1. Train them to sleep anywhere: This is more of a pre-preparation. Most advice focuses on creating the ideal sleeping environment. While helpful, it doesn’t allow your child the benefit of one of the biggest gifts you can give them for their whole lives—being able to sleep anywhere. This is usually easier if you breastfeed and co-sleep. For handy tips see The African Guide to Co-sleeping.
2. Relax: Children are great stress detectors and if you are stressing about the trip it is more than likely they will too. On the other hand, if you are relaxed and excited about the trip they will pick up on that and it will make the trip more enjoyable for all.
3. Write a packing list: Many of the things you will need for your journey you use day-to-day. Write a comprehensive list to ensure that you do not forget anything.
4. Strategic packing: From about the age of three, children can help to pack their own things (my daughter will even remind me if I have forgotten something); however, pack all the critical things when children are asleep to avoid the, “but I want to play with that NOW!”
5. Better to have more: Food. Many meltdowns can be avoided if children are rested and fed (and so are you). Always pack more food than you need and never assume that you will be able to get any en route. As a rule of thumb, I carry about a three-day supply for a day trip.
6. Establish a rhythm as soon as you arrive: Ideally this should be close to the rhythm you have at home. It gives the children (and you) an anchor from which your ship can safely drift.
7. Remember the 80/20 rule: Countries that have more specialized facilities for children are 80% easier to travel around in terms of logistics but only 20% in terms of friendliness and accommodating children. Countries that have less to offer by the way of specialized facilities for children are 80% friendlier and accommodating of children but offer only 20% in ease of logistics.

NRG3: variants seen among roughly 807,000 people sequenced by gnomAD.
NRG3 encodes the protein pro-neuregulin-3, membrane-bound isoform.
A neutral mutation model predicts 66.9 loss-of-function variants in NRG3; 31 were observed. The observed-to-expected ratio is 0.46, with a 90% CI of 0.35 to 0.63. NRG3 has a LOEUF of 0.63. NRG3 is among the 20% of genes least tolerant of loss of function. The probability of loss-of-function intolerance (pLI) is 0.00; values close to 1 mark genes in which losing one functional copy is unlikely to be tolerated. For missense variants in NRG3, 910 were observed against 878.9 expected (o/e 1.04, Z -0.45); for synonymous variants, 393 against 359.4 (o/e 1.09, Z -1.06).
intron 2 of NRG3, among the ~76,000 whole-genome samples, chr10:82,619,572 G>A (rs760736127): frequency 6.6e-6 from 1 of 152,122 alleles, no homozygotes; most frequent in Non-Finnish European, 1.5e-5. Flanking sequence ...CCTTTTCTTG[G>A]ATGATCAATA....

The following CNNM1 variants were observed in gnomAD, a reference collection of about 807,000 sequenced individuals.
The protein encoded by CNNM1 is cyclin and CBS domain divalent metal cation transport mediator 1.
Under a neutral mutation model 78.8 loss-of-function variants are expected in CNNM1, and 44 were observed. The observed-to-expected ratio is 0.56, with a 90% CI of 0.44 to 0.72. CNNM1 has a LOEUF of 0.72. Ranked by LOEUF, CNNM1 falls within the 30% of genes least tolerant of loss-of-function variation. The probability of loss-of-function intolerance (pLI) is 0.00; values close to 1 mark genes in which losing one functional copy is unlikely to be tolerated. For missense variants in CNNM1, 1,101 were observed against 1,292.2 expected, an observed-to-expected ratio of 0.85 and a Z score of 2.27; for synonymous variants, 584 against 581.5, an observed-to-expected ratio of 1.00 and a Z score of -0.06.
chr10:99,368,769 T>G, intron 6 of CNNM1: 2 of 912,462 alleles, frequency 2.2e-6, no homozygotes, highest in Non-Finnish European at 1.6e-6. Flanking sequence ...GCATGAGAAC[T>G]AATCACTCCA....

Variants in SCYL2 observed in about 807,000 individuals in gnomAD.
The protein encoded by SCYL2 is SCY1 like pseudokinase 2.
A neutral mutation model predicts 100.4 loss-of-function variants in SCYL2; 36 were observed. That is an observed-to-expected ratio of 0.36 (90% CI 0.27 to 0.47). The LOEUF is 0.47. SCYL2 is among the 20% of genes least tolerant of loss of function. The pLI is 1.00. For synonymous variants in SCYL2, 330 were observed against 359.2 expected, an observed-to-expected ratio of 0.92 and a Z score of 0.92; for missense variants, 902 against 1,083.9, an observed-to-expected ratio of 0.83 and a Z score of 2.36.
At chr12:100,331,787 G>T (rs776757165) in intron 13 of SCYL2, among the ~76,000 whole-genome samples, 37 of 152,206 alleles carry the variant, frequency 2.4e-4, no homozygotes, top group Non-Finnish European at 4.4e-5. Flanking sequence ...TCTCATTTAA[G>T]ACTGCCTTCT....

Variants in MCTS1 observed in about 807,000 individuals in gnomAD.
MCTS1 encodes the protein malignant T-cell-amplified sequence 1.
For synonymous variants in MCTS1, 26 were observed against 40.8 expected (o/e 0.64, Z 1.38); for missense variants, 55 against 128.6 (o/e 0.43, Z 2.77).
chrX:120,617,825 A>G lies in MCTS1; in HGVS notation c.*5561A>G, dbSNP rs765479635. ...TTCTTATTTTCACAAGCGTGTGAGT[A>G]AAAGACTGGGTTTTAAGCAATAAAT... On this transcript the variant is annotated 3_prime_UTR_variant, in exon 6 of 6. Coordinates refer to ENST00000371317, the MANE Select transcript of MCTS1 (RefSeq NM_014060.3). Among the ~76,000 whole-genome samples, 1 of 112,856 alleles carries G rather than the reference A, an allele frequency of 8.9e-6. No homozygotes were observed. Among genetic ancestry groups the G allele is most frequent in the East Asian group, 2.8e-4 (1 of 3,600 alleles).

8. Slow down: The journey is always so much more pleasant if you travel at children’s speed. So it may mean driving or taking a train instead of flying. Make a long list of everything that you would like to do on your travels and then strike off most of it, allowing yourself just one thing a day. Not only is that achievable but it stops you from rushing around and having grumpy children as a result. Don’t forget to give even the youngest children choices about what they might like to do—they could take you on adventures that you would not have chosen yourself.
9. Befriend the cooks: The first people I make friends with wherever I am staying is the waiting and kitchen staff. Ask to meet the cook. If you have made a personal connection, it is much easier to get meals made to your specifications and at the time you require them. Self-catering is usually easiest with younger children but not always possible.
10. Sea, sand, sleep: If nowhere else, go to the seaside. The world’s biggest sandpit always makes for a fun holiday. It is educational and an easy way for children to spend most of their time outdoors. If it is hot and you have a child whom you are potty training, it is a surefire way to make it all go that much faster. There are so many types of beaches, which mean a lifetime of varied escapes.